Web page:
Jim Murphy defends plan to fund Scots nurses from 'mansion tax'
Scottish Labour leader Jim Murphy has rejected claims he is trying to "buy" Scottish votes with money "expropriated" from London.
Mr Murphy has pledged that a UK-wide "mansion tax" would allow a future Labour government to create 1,000 new nursing posts in Scotland.
He said most of the money raised would come from London and the south east.
Labour MP Diane Abbott accused him of "unscrupulous" behaviour, but Mr Murphy insisted his plan was "sensible".
Mr Murphy compared the plan to spend money levied on English homes on Scottish nurses with the way the oil wealth from the North Sea was shared around the UK.
"It's part of pooling and sharing your resources across these islands, it's pretty sensible," he told BBC Radio 4's World at One programme, and pointed out the property tax was Labour Party policy.
'Tax' on Londoners
Labour has pledged to impose what it calls a "mansion tax" - a levy on homes worth more than £2m across the UK to fund the NHS - if leader Ed Miliband wins the general election.
In his first major policy announcement, Mr Murphy said he would use Scotland's share of the money, allocated under the Barnett formula, to pay for extra nursing staff, if Labour wins May's UK General Election and then the Scottish Labour Party wins the Holyrood election in 2016.
But Ms Abbott, the Labour MP for Hackney who hopes to run for London mayor, told the World at One she was very surprised that Mr Murphy was "making these boasts".
Analysis by James Cook, Scotland Correspondent
With phrases like "fiscally vindictive" and "highly unscrupulous" being hurled around, it's clear that a political row is playing out which is as bitter as it is old.
It is being contested on familiar turf: does the rest of the UK, and particularly wealthy London, subsidise Scotland?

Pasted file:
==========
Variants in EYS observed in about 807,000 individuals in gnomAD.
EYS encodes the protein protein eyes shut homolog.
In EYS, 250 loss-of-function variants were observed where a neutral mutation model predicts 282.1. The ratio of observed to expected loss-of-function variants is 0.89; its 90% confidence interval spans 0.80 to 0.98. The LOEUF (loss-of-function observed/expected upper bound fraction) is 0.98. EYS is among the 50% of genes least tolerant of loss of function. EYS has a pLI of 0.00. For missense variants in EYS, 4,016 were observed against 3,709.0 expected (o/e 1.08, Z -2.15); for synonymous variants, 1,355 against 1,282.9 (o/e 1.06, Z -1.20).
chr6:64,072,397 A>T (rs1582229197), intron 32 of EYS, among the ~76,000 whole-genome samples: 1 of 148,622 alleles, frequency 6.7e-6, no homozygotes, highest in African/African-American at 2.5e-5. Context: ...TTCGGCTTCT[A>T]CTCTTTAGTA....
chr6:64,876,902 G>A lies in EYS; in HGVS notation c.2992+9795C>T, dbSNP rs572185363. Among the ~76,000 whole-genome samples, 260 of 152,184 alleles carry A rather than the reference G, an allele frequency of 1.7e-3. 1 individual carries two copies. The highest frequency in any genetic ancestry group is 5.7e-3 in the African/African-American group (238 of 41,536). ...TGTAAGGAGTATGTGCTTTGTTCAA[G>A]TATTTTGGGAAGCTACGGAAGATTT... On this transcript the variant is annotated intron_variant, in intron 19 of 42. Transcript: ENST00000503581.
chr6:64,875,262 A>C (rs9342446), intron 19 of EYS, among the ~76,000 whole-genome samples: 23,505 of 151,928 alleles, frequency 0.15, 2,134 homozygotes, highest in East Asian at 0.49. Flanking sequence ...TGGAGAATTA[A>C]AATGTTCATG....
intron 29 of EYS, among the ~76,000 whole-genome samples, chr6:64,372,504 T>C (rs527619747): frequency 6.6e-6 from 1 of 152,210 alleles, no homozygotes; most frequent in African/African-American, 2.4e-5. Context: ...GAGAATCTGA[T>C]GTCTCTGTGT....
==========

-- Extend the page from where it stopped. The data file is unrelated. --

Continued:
The front pages of the London editions of The Times and The Daily Telegraph both concentrate on a "pledge" from the Scottish Labour leader Jim Murphy, made as he kicked off his campaign for the general election.
"Mansion tax to fund nursing in Scotland" is The Times' headline. "Labour tax on 'wealthy English' to fund nurses in Scotland" is the Telegraph's take.
Believe it or not, those headlines will suit Mr Murphy. The new leader of the Scottish Labour Party has a tough task.
"Jim Murphy is saying that he's going to be recruiting nurses from day one on the basis of this mansion tax. You can't recruit people on the basis that money that hasn't even been raised yet," she said.
She added: "Jim Murphy is jumping the gun in a highly unscrupulous way."
While supporting the mansion tax "in principle", Ms Abbott said a lot of discussion was needed as to how to implement it fairly, warning it amounted to a "tax on Londoners".
She said the policy would affect people who bought homes many years ago which have since increased substantially in value, while the wealthy would try to "evade" the tax.
"That's all got to be thought through - Jim Murphy isn't waiting for that. He just thinks he can buy Scottish votes with money expropriated from London," she said.
Mr Murphy - who Ms Abbott mistakenly called 'John' at the start of the interview - hit back by saying he did not have to consult Ms Abbott or clear things with Labour leader Ed Miliband over what he does in the Scottish Labour Party.
"When it comes to issues that are devolved - so health and education in Scotland - I am in charge. I am the leader of the Scottish Labour Party."
Reserved issued such as foreign affairs and welfare, he added , were the responsibility of the Labour leader, who he said he looked forward to campaigning alongside for a Labour victory at the general election.
Ms Abbott, he suggested, should get behind Labour Policy "rather than either forgetting my name or attacking my approach to what I do in Scotland".
Conservative Party chairman Grant Shapps said Mr Murphy's comments showed "once again that Ed Miliband simply does not command the respect of his party".
A Labour spokesman said the "overwhelming majority" of money raised would be spent in England, "but as with any UK-wide tax, Scotland will receive a share of the proceeds under the Barnett formula".
"It is up to the Scottish Government how to spend this revenue," they added.
Scottish National Party MP Angus Robertson said: "Fickle attempts to win back trust by playing an arbitrary numbers game with nursing staff and proposing oil funds that Labour should have supported decades ago are wide off the mark - and people will see straight through them."
The policy announcement, made by Mr Murphy on Monday, has also faced criticism from some other London-based politicians.
Mayor of London, Boris Johnson, described the plan as "fiscally vindictive" to the south east of England and amounted to trying to "bribe the Scots to vote Labour", while Labour's Dame Tessa Jowell said London should not be treated as a "cash cow".